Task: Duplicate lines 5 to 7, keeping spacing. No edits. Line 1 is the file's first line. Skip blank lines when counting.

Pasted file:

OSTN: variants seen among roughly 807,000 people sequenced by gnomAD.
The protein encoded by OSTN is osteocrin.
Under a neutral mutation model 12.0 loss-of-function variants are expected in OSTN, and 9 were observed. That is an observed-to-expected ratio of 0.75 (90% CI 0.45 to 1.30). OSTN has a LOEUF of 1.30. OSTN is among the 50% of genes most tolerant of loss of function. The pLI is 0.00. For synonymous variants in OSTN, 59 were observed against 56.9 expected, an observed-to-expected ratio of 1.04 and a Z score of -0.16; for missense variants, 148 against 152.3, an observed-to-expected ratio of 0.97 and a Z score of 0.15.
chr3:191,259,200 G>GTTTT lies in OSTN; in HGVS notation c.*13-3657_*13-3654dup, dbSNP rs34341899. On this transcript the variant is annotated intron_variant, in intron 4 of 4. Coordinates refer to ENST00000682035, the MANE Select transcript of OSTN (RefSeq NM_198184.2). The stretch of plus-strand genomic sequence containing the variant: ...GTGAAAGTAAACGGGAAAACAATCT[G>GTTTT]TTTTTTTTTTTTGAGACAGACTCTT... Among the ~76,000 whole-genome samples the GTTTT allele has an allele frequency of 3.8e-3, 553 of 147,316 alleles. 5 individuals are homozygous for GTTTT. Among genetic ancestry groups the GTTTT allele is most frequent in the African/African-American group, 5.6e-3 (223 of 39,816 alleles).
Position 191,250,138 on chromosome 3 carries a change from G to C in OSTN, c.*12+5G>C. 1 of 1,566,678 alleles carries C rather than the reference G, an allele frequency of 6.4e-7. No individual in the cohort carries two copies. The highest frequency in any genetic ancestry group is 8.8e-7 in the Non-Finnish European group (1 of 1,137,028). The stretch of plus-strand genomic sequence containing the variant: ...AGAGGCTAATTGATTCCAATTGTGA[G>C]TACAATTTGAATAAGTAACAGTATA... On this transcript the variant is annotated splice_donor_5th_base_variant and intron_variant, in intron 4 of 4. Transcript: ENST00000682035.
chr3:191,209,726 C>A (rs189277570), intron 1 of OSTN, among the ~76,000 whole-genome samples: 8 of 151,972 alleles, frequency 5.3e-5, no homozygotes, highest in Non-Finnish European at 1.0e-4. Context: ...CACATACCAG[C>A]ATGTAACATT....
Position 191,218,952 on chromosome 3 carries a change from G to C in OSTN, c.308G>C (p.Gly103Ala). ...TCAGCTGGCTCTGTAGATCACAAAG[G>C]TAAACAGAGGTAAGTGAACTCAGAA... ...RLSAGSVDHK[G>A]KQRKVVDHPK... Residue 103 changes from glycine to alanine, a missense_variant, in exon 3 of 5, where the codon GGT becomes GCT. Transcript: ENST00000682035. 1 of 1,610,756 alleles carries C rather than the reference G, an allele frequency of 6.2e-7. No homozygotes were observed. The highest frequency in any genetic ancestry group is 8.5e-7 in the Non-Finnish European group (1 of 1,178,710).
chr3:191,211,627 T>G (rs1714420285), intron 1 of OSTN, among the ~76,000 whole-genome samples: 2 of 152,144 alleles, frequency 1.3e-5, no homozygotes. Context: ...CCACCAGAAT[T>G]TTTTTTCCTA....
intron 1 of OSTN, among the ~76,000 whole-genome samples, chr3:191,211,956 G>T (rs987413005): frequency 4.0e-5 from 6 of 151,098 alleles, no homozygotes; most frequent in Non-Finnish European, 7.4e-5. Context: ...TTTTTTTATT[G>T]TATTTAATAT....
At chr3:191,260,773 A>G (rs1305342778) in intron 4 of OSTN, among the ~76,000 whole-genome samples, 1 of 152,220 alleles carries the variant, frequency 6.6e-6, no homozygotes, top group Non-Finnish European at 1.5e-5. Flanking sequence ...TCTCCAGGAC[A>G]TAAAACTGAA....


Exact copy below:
Position 191,250,138 on chromosome 3 carries a change from G to C in OSTN, c.*12+5G>C. 1 of 1,566,678 alleles carries C rather than the reference G, an allele frequency of 6.4e-7. No individual in the cohort carries two copies. The highest frequency in any genetic ancestry group is 8.8e-7 in the Non-Finnish European group (1 of 1,137,028). The stretch of plus-strand genomic sequence containing the variant: ...AGAGGCTAATTGATTCCAATTGTGA[G>C]TACAATTTGAATAAGTAACAGTATA... On this transcript the variant is annotated splice_donor_5th_base_variant and intron_variant, in intron 4 of 4. Transcript: ENST00000682035.
chr3:191,209,726 C>A (rs189277570), intron 1 of OSTN, among the ~76,000 whole-genome samples: 8 of 151,972 alleles, frequency 5.3e-5, no homozygotes, highest in Non-Finnish European at 1.0e-4. Context: ...CACATACCAG[C>A]ATGTAACATT....
Position 191,218,952 on chromosome 3 carries a change from G to C in OSTN, c.308G>C (p.Gly103Ala). ...TCAGCTGGCTCTGTAGATCACAAAG[G>C]TAAACAGAGGTAAGTGAACTCAGAA... ...RLSAGSVDHK[G>A]KQRKVVDHPK... Residue 103 changes from glycine to alanine, a missense_variant, in exon 3 of 5, where the codon GGT becomes GCT. Transcript: ENST00000682035. 1 of 1,610,756 alleles carries C rather than the reference G, an allele frequency of 6.2e-7. No homozygotes were observed. The highest frequency in any genetic ancestry group is 8.5e-7 in the Non-Finnish European group (1 of 1,178,710).